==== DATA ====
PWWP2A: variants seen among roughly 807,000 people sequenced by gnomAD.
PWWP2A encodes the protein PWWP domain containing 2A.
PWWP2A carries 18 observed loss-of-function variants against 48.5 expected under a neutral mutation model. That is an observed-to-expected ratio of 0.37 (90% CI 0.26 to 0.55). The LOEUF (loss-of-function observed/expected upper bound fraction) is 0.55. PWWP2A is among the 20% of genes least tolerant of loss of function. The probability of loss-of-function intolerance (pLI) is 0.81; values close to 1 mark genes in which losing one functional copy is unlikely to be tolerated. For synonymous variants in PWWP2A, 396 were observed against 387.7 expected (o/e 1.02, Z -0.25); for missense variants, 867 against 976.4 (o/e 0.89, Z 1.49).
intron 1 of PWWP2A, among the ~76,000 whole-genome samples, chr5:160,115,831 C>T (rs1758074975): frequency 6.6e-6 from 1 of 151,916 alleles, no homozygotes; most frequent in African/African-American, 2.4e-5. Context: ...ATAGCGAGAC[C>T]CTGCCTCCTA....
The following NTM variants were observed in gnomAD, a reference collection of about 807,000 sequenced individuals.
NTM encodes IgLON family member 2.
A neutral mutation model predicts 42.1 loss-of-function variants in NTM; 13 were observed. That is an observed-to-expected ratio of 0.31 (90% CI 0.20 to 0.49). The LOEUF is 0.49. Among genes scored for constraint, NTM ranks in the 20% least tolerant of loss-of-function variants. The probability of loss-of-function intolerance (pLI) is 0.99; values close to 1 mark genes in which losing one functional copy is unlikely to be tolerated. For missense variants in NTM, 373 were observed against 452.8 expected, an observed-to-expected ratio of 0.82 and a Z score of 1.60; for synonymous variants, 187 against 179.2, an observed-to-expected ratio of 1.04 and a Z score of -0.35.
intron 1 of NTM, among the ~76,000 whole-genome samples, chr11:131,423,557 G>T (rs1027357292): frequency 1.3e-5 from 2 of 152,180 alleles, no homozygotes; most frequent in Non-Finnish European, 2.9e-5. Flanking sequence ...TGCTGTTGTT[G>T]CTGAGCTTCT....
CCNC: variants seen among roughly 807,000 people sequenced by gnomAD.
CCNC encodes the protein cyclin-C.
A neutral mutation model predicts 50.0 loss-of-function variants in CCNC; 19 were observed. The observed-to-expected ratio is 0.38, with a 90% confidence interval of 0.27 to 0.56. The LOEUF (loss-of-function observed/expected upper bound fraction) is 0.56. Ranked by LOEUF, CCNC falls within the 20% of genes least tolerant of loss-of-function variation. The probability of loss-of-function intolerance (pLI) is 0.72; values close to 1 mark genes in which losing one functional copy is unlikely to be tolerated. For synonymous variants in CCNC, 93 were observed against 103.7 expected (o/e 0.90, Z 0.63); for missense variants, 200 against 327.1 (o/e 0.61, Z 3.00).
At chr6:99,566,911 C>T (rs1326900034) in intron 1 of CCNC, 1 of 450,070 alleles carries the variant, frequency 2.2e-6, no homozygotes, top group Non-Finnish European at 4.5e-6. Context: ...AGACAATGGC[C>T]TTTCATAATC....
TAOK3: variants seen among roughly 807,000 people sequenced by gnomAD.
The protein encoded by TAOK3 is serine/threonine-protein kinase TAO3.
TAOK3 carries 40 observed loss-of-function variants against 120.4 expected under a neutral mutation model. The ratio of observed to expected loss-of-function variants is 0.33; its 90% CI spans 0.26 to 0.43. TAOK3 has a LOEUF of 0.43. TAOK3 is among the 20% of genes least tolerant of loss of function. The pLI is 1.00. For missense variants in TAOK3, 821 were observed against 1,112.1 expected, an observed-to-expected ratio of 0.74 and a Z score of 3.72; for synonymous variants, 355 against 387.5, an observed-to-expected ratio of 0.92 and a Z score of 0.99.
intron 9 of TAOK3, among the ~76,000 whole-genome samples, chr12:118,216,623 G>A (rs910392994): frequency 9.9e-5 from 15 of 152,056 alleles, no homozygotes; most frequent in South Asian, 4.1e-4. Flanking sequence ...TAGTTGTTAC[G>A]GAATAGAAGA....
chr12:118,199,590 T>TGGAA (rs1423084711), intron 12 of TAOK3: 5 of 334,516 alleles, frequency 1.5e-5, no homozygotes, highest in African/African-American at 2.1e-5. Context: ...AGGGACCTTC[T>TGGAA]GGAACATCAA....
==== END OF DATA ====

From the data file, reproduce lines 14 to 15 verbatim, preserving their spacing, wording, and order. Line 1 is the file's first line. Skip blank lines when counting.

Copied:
The protein encoded by TAOK3 is serine/threonine-protein kinase TAO3.
TAOK3 carries 40 observed loss-of-function variants against 120.4 expected under a neutral mutation model. The ratio of observed to expected loss-of-function variants is 0.33; its 90% CI spans 0.26 to 0.43. TAOK3 has a LOEUF of 0.43. TAOK3 is among the 20% of genes least tolerant of loss of function. The pLI is 1.00. For missense variants in TAOK3, 821 were observed against 1,112.1 expected, an observed-to-expected ratio of 0.74 and a Z score of 3.72; for synonymous variants, 355 against 387.5, an observed-to-expected ratio of 0.92 and a Z score of 0.99.